Friday, 7 October 2011

Forgotten Book - She Had to Have Gas


I’ve mentioned before my enthusiasm for the work of the little known Golden Age writer Rupert Penny, and my choice for today’s Forgotten Book is the last mystery that Basil Thornett wrote under that pen-name, She Had to Have Gas. It was published in 1939; during the war, Thornett worked, most appropriately, as a cryptographer, and after peace was declared, he did not return to the genre.

In this book, as with other mysteries featuring Penny’s regular investigator, Inspector Beale, the cop’s pal, stockbroker and journalist Tony Purdon, is on hand to assist. But it has to be said that Tony’s presence in the stories was never easy to justify, and here his role is pretty superfluous.

The book begins splendidly, with the owner of a modest East Anglian B&B worrying about the creditworthiness of her sole guest. She is right to worry: soon she has good reason to believe the woman has gassed herself. But then the body of the apparent victim disappears – what is going on? Meanwhile, the spoiled niece of a famous crime writer has vanished, and one is tempted to believe that she was living a double life in the guest-house. With Rupert Penny, though, nothing is simple.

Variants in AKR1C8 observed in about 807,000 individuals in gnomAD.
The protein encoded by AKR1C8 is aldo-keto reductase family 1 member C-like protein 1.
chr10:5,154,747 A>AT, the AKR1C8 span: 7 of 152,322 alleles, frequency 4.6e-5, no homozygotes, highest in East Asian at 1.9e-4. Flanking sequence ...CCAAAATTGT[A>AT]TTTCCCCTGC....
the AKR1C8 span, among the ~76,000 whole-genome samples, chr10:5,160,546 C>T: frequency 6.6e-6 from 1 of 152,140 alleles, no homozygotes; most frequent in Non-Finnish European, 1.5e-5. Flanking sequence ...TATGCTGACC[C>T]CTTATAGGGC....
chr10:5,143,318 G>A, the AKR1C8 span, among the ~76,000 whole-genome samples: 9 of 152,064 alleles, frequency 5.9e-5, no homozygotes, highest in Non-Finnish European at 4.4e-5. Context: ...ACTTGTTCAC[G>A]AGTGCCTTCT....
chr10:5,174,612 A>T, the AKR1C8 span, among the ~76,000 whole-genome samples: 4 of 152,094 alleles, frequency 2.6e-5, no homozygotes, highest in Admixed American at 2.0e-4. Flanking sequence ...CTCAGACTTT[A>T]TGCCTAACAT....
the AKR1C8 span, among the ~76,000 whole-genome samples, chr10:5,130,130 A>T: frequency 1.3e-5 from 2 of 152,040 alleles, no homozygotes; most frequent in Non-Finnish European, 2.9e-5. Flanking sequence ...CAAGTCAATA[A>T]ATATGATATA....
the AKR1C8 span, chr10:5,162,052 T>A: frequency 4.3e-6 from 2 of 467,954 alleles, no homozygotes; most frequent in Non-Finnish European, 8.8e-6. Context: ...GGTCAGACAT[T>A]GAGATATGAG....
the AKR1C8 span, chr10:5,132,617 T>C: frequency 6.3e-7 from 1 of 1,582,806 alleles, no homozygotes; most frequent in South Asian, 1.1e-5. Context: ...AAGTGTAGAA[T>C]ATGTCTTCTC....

In fact, the plot is so elaborate that it comes close to sinking under the weight of its own cleverness. As with a number of similar books, I found the opening scenes and the revelations by far the best parts of the story. In between,there was much that was verging on the turgid. But there is a 'challenge to the reader' and a cluefinder to compensate. Penny was an appealing author and this book, for all its flaws, appealed to me.

4 comments:

Margot Kinberg said...

Martin - Thanks for this. I have to say, the title really gets my attention...

hannah Dennison said...

Hi Martin - I'm not familiar with this writer and just love "new" discoveries. I am going to definitely put this on my list near the top!

John said...

Here's one writer I've not gotten around to reading. Mostly because his books are ridiculously expensive when copies turn up on the internet. And I've never found one over here in the US bookshops. Not even one lousy beat up reading copy. And forget trying the libraries in the Midwest. Truly scarce books. I could always go with Fender Tucker's cheap reprints, but so many of the early ones like these Penny books are shoddily produced that just holding them in my hands hurts. I don't like reading books with Arial used as the font. It's like reading a lazy student's research paper. [...grumble, grumble...]

vegetableduck said...

I keep thinking of the title as "She Really Had Gas." Such a vulgar mind I have. I've found the Penny books kind of tortuously over-ingenious in the past, like Ellery Queen on speed; but they are interesting oddities.